In this paper we present the importance of detailing the contextual conditions of a qualitative study to highlight any potential participant-researcher tensions. We emphasize the importance of understanding context in rich detail to expose societal complexities while maintaining positive participant-research rapport. Through two cases, this paper considers that bracketing, reflexivity, and transparency can be applied to form appropriate strategies to deal with external disruptions to qualitative fieldwork. The cases draw on Brexit’s impact on two studies conducted in the United Kingdom. In so doing, we argue that time, relevance, and the individuals involved can coalesce to express varied influences on a study. Thus, bracketing, reflexivity and transparency become vital to dealing with such influences; particularly when they are disruptive to a study. Overall, the strategic approach outlined by this paper can be used to maximise awareness of potential sources of tension in the field and to deal with any tensions that do arise.


qualitative fieldwork, bracketing, transparency, reflexivity, Brexit

Author Bio(s)

Shukru Esmene is a Research Fellow working across the Geography Department and Institute of Health Research at the University of Exeter (Cornwall). His research uses qualitative methods to explore how existing academic research relating to environmental and health issues can be adapted for implementation in specific places and communities. The approaches he uses focusses on building a detailed understanding of contextual influences, these include political, cultural and socio-economic factors.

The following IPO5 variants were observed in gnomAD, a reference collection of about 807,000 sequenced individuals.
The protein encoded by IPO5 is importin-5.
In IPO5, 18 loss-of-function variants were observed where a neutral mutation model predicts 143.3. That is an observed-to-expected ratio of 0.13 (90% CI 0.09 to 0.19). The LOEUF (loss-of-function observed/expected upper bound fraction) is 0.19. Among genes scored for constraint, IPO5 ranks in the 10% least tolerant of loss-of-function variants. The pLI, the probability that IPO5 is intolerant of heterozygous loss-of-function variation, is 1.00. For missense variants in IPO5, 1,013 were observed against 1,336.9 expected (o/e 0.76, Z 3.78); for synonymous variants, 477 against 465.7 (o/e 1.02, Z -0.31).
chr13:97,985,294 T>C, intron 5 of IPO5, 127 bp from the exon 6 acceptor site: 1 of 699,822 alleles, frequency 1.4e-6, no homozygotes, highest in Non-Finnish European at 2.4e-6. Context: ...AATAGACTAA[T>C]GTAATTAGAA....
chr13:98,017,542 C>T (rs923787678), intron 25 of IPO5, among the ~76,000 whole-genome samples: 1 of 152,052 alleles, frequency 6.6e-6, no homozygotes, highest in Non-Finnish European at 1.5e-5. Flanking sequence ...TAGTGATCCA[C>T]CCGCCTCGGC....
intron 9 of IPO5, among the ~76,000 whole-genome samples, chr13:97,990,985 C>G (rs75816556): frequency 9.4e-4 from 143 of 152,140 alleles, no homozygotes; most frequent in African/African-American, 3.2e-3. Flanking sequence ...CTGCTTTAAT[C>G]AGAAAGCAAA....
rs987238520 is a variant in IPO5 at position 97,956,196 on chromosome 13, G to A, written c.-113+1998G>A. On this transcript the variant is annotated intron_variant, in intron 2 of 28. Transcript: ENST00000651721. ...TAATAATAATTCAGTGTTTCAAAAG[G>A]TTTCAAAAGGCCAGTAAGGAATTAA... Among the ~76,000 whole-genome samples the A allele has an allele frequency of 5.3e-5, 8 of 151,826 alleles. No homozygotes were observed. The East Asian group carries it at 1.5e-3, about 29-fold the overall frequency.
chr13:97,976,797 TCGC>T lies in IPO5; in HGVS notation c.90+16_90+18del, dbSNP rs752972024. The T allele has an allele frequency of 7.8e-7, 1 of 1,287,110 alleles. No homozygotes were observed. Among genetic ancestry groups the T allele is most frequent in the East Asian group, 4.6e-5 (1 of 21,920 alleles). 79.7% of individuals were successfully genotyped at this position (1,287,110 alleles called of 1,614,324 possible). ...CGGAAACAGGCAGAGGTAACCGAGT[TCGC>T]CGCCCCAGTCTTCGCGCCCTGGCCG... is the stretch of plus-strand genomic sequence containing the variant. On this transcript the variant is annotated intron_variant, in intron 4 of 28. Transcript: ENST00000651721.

Dr Shukru Esmene, PhD. Geography, College of Life and Environmental Sciences, University of Exeter, Peter Lanyon Building, Penryn Campus, Treliever Road, TR10 9FE. Email: s.esmene@exeter.ac.uk Telephone: 07725882799

Nick Kirsop-Taylor is a Lecturer in the Politics department of the University of Exeter (Cornwall) who conducts research at the intersection of environmental politics, green public administration, and public policy. His research seeks to understand the mechanisms and interventions through which the state and bureaucracy can be mobilised as radical environmental actors.

Dr Nick Kirsop-Taylor, PhD. Department of Politics, College of Social Sciences and International Studies, University of Exeter.

Publication Date


Creative Commons License

Creative Commons Attribution-Noncommercial 4.0 License
This work is licensed under a Creative Commons Attribution-Noncommercial-Share Alike 4.0 International License.







To view the content in your browser, please download Adobe Reader or, alternately,
you may Download the file to your hard drive.

NOTE: The latest versions of Adobe Reader do not support viewing PDF files within Firefox on Mac OS and if you are using a modern (Intel) Mac, there is no official plugin for viewing PDF files within the browser window.